I agree with Congress vice-president Rahul Gandhi that poverty is a state of mind and that it does not mean the scarcity of food, dollars or onions. So whenever I hear about top brands setting up shop here, I am pleased.
The thought that India has about 55 US dollar billionaires (2013 figure), next only to the United States, Russia, China and Germany and that our luxury market is projected to reach $14.7 billion in 2015 makes me proud — distorted, you would say, in view of the stark tales of inequalities in our country — but I cannot help it.
Legend has it that Rolls-Royce, by far the most sought-after marque in the royal garages of the princely states, once had to pay the price for slighting India. The British company refused to accept an order from Maharaja Bhupinder Singh for a new Rolls Royce car.
Not taking kindly to the snub, the old maharaja put some of his old cars to carry garbage dung and filth in Patiala, much to the horror and dismay of the Rolls Royce-loving viceroy and the class-conscious British ruling class, who eventually prevailed upon the company to ‘comply’ with the old maharaja’s wishes.
Now if you tend to rubbish such fables of ostentatious wealth for being utterly undemocratic, following the years of liberalisation, there has been a spurt in India’s new maharajas – industrialists, entrepreneurs, professionals and the rural rich, not to speak of the returning prodigal children, franchisees, and small and medium retailers as well as high net worth individuals (HNIs).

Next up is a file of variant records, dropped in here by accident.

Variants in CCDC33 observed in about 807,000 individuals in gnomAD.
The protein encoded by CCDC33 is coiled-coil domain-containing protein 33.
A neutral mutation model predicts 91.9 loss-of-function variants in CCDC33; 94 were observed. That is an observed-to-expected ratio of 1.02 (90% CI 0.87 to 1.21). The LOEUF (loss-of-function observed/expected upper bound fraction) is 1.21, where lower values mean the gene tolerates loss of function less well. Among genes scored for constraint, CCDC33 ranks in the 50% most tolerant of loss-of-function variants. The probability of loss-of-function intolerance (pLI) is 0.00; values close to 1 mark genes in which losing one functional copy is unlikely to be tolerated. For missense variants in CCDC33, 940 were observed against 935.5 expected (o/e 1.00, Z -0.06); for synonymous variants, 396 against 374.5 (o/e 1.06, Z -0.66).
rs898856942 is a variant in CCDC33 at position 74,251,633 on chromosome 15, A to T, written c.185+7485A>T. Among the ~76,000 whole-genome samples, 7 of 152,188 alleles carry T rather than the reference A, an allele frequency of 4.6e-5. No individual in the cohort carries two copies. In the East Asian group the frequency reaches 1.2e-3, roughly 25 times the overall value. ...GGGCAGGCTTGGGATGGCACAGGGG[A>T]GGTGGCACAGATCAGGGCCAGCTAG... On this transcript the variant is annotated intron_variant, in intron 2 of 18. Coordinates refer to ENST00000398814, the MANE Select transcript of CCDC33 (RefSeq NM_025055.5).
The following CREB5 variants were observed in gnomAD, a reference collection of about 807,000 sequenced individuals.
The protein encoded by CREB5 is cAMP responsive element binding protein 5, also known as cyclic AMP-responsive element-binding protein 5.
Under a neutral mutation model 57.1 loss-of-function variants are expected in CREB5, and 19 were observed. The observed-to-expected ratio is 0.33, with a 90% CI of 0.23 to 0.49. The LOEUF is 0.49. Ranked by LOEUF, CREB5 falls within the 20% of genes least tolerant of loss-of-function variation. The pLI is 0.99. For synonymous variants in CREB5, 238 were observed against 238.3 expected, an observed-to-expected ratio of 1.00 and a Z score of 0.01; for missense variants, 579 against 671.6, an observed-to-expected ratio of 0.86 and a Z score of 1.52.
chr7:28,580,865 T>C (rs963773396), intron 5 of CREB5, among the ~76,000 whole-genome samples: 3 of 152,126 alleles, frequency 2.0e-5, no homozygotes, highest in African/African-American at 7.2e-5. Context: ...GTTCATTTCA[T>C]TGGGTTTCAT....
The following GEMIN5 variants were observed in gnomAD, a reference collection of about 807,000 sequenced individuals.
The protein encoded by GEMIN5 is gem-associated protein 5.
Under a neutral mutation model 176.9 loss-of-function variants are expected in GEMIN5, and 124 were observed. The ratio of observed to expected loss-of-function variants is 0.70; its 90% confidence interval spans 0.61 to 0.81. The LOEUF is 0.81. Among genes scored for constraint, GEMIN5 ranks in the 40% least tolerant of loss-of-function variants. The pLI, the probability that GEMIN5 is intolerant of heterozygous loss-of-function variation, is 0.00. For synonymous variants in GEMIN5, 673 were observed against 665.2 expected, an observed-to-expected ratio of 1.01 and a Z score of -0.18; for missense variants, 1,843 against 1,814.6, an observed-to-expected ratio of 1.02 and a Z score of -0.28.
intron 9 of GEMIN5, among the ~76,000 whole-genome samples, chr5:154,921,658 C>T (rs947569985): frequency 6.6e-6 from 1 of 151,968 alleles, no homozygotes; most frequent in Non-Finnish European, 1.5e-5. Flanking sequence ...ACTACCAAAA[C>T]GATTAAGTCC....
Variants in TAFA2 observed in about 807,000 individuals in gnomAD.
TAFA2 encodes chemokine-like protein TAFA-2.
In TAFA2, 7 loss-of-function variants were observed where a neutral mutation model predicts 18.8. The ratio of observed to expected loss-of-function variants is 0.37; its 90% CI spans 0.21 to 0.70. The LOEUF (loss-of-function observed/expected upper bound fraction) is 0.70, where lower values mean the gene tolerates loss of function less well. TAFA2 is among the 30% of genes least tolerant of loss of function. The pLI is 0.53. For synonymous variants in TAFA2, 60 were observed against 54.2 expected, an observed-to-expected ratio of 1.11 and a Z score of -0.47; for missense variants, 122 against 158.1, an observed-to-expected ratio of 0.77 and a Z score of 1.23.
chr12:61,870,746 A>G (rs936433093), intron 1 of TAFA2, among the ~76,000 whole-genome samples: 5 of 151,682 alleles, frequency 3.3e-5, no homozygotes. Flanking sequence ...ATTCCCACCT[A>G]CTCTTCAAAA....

Besides many of the top brands are available in India and there are far too many recession-proof aunts and uncles in town shopping from Champs Elysées or buying a Piaget in Geneva, quite a number of people flying first class by British Airways, staying at the Waldorf Astoria, or buying über-premium real-estate in Mumbai.
And then there are those who cannot buy branded goods but love them nevertheless and so they go for those with faux Guccis, Calvin Kleins, Christian Diors, Versace, Diesel and Giorgio Armani logos embossed on them!
For me, the arrival of this new India, a greater spread of richer people all around us, is a great democratic thing. It makes me in part aspirational and in part resigned to my karma.
The greatest service that these tales of fabulous wealth has done for me is that it has enabled me to treat money as piffle due also to the fact that I stand in a divide of the class hierarchy — belonging as I do to the great Indian Middle Class. We stand equidistant from the two top extremes of the Indian economy, a vantage point from where I am both a prince and a pauper.
Being rich is also truly a state of mind.
(Prasenjit Chowdhury is a Kolkata-based commentator The views expressed by the author are personal)